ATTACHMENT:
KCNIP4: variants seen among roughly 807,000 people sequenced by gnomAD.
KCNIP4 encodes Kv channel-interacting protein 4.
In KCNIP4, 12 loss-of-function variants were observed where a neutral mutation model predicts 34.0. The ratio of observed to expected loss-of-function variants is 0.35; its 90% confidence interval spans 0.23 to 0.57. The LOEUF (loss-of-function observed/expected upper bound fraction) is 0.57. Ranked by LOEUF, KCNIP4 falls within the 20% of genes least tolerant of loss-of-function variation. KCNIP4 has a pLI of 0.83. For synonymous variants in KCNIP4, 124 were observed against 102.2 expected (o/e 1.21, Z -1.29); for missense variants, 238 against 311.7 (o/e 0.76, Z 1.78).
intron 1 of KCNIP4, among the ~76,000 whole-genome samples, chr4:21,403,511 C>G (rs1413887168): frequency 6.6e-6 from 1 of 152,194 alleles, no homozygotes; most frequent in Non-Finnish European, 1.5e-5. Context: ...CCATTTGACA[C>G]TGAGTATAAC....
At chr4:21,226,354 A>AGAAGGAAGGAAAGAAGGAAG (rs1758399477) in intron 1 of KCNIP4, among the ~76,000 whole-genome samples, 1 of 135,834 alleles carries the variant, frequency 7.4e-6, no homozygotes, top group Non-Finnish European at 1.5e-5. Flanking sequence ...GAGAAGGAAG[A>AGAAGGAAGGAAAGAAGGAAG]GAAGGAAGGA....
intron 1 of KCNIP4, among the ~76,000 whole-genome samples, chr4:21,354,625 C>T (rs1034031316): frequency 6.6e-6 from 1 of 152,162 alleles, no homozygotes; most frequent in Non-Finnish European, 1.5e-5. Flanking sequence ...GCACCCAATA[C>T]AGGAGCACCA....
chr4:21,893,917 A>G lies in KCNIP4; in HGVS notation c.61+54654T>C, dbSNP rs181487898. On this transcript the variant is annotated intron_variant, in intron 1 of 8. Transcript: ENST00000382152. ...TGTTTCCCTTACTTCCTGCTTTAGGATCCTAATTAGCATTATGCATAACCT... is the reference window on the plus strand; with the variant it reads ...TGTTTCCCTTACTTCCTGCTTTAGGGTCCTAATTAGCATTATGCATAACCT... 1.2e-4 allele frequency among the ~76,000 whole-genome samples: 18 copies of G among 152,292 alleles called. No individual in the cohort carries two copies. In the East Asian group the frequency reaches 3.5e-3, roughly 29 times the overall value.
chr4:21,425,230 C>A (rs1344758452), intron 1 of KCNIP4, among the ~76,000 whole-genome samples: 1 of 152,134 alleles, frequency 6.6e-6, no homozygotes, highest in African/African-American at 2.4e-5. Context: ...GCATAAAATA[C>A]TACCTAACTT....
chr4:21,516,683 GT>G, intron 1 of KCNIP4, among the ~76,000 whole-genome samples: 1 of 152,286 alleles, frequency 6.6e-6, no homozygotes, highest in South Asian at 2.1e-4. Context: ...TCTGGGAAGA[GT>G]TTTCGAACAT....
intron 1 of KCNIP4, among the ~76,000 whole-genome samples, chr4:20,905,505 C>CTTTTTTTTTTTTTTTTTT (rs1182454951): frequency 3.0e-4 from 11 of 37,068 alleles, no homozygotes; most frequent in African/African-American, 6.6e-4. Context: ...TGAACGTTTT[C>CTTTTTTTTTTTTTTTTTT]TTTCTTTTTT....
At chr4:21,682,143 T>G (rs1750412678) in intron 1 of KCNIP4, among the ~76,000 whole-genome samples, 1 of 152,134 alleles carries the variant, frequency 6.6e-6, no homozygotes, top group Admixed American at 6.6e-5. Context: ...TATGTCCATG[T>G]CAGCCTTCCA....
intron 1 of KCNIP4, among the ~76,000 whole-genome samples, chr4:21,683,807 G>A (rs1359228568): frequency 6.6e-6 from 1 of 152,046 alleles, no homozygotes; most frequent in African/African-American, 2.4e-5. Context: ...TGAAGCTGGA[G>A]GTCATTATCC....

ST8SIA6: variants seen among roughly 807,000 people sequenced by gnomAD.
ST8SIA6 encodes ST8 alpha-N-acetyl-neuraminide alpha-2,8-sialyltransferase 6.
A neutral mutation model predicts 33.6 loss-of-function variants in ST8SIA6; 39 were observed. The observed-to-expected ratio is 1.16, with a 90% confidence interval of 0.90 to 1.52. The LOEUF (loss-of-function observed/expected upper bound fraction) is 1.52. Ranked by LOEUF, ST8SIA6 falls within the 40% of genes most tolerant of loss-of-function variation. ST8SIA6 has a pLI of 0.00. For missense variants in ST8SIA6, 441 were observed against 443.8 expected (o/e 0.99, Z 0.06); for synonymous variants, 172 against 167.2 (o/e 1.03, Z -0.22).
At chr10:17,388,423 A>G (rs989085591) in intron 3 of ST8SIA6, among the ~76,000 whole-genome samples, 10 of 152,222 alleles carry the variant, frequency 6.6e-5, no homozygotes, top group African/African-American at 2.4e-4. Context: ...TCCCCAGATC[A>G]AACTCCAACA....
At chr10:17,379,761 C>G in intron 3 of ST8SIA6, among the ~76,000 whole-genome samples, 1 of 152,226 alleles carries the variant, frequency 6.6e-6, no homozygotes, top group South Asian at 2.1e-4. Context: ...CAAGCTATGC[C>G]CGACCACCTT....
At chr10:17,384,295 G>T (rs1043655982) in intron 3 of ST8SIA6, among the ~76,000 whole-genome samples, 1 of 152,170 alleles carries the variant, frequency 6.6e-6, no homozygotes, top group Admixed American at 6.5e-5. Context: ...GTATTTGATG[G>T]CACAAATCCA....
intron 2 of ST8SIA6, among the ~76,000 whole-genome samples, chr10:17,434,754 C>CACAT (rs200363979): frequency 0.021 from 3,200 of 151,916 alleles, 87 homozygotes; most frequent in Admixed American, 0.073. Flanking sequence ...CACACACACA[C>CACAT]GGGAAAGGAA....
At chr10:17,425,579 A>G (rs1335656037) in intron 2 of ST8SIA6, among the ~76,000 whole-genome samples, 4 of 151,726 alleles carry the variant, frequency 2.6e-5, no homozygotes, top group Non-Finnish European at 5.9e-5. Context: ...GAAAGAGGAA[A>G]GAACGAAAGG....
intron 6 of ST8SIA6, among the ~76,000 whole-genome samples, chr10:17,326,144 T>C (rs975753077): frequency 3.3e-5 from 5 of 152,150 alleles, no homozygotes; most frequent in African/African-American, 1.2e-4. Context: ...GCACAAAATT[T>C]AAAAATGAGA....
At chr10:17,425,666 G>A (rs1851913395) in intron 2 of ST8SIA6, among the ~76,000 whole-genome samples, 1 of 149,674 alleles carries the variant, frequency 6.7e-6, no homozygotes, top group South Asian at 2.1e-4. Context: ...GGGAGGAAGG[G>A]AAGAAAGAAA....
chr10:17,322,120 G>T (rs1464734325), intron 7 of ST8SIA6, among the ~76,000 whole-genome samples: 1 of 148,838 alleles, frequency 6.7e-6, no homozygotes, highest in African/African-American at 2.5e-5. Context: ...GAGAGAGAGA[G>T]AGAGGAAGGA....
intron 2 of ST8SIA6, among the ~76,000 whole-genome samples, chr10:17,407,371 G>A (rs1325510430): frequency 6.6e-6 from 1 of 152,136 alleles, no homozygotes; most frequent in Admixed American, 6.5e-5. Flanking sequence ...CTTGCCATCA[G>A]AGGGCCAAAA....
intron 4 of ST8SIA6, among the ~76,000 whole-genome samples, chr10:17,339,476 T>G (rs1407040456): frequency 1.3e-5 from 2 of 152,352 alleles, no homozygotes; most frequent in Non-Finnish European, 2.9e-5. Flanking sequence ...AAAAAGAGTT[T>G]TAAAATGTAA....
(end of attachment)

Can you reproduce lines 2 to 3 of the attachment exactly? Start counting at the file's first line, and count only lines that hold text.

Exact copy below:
KCNIP4 encodes Kv channel-interacting protein 4.
In KCNIP4, 12 loss-of-function variants were observed where a neutral mutation model predicts 34.0. The ratio of observed to expected loss-of-function variants is 0.35; its 90% confidence interval spans 0.23 to 0.57. The LOEUF (loss-of-function observed/expected upper bound fraction) is 0.57. Ranked by LOEUF, KCNIP4 falls within the 20% of genes least tolerant of loss-of-function variation. KCNIP4 has a pLI of 0.83. For synonymous variants in KCNIP4, 124 were observed against 102.2 expected (o/e 1.21, Z -1.29); for missense variants, 238 against 311.7 (o/e 0.76, Z 1.78).